Similarities, Differences, and Opportunities in MENA Markets

The Middle East and North Africa are becoming increasingly important pharmaceutical markets, leading many companies to seek support in countries in the region. Across the MENA region*, the pharmaceutical market was valued at $36 billion in 2016 and in recent years has seen growth of 10 percent, well above global growth of 4 to 6 percent.
However, with countries across the Gulf states, Israel, and North Africa, there are many different regulatory requirements and expectations for companies to manage. The good news for companies is there have been increasing efforts to standardize and streamline processes, but many challenges and inconsistencies remain.
Egypt – the region’s largest market
As one of the most densely populated countries in the region, with more than 100 million people and patented drug sales of around US$200 million (170 million euros), Egypt is an important market for pharmaceutical companies.
However, from a regulatory point of view, Egypt’s guidelines are not detailed and the authorities demand a wide variety of documentation to support a submission. For example, when ProductLife Group’s team of MENA regulatory experts submit a variation or a novel submission to the authority, we provide the global master documentation, but must also prepare other documentation, such as legalized/notarized documents, declarations made to the authorities, company clarification letters, and separate information on the product composition.
One significant recent change in Egypt is the fact that guidelines are now issued in English as well as Arabic, and the authorities are looking to accept more documentation, such as CMC documents, in English. However, companies will still be required to submit affiliate authorization letters in Arabic. A further challenge for companies is that the affiliate must make an appointment with the authority to make the submission since face-to-face communication is a requirement.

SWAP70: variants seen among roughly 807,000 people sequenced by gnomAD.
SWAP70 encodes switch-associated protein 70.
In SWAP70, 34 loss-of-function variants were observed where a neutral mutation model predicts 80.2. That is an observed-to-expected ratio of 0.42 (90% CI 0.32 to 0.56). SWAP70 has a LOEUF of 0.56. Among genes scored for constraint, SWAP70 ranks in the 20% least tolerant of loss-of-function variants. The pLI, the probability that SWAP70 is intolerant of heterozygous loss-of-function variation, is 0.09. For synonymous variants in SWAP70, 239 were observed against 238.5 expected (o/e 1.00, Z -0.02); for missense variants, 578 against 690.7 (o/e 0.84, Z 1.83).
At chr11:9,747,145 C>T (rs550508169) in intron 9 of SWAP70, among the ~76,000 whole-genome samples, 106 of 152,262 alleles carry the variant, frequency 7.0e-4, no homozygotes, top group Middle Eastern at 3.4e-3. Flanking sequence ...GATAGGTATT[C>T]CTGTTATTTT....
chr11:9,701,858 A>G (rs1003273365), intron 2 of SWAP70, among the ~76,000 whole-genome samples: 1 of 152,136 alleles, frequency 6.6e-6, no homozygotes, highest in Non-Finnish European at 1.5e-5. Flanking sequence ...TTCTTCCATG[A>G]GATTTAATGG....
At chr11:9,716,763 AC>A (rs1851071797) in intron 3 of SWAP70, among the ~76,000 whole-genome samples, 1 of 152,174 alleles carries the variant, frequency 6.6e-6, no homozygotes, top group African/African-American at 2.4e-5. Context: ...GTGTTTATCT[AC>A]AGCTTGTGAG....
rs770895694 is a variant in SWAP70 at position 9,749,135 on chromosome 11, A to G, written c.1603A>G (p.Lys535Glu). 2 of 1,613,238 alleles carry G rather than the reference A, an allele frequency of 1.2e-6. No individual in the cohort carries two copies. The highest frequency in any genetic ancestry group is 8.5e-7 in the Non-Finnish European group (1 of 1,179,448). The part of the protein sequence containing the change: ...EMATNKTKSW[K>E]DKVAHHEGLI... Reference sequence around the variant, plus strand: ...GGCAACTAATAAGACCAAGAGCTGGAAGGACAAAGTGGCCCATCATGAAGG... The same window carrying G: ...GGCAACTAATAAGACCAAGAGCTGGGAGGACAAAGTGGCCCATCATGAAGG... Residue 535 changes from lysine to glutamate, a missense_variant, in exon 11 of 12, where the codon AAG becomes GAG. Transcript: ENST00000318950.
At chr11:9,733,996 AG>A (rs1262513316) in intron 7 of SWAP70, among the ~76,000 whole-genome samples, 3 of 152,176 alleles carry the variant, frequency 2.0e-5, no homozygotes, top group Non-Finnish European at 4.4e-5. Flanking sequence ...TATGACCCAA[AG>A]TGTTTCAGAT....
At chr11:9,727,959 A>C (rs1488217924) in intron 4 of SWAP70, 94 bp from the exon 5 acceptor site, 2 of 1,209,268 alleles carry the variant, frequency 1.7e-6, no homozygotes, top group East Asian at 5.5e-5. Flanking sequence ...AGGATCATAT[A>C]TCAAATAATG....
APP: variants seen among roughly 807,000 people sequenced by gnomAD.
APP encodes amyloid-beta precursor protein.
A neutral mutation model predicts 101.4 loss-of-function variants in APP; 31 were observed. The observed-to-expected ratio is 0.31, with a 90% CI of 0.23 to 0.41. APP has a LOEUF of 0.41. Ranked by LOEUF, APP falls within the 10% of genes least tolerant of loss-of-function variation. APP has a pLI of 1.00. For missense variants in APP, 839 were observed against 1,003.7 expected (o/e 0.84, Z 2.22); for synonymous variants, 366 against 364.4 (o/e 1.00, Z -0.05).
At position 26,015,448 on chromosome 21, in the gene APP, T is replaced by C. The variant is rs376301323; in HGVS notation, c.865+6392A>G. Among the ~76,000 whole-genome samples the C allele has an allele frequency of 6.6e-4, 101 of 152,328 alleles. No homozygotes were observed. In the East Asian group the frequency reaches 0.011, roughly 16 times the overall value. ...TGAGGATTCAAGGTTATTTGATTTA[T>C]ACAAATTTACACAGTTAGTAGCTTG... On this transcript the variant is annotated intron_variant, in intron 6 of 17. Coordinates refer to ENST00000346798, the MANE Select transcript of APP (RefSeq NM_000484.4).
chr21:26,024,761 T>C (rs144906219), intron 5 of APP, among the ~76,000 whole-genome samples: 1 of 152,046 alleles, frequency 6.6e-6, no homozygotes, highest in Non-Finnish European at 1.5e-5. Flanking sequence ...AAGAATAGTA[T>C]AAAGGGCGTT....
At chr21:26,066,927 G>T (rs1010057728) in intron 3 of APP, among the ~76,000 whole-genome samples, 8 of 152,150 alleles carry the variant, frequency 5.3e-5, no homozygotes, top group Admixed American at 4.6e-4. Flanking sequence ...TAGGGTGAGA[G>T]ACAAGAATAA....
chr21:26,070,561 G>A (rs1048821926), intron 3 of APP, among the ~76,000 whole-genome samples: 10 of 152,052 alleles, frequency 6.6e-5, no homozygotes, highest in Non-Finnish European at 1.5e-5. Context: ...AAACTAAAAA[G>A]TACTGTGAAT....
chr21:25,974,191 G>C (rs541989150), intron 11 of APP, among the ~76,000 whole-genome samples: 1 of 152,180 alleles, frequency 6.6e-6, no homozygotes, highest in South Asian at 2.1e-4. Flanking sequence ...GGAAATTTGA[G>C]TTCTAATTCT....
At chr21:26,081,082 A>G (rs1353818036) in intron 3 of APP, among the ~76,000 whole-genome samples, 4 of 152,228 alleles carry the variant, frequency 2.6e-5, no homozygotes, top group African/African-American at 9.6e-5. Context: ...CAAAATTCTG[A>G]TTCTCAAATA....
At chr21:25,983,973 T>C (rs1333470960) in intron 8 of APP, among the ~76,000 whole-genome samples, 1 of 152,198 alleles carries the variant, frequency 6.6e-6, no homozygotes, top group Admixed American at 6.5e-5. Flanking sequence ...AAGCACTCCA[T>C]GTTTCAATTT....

Israel – a market apart
The Israeli regulatory authorities have distinctly different requirements to other countries in the region. For example, all leaflets, cartons, and packaging must be completed in three languages. Israel’s requirements for registration very similar to those in the EU with some additional specific requirements. Submissions can be made via email, CD or hardcopy, depending on the scope of the submission. The company is required to appoint a qualified person, who must be a pharmacist assigned by the regulator and located in Israel.
Israel does largely accept EU variations and, in fact, has an agreement with the EU whereby each recognize the other region’s GMP inspection conclusions, manufacturing and import authorizations, certification of conformity of batches, and official-control-authority batch release. However, the Israeli regulatory authorities often ask additional questions from the marketing authorization holder and look for more proof or substantiated clinical documents from the company headquarters.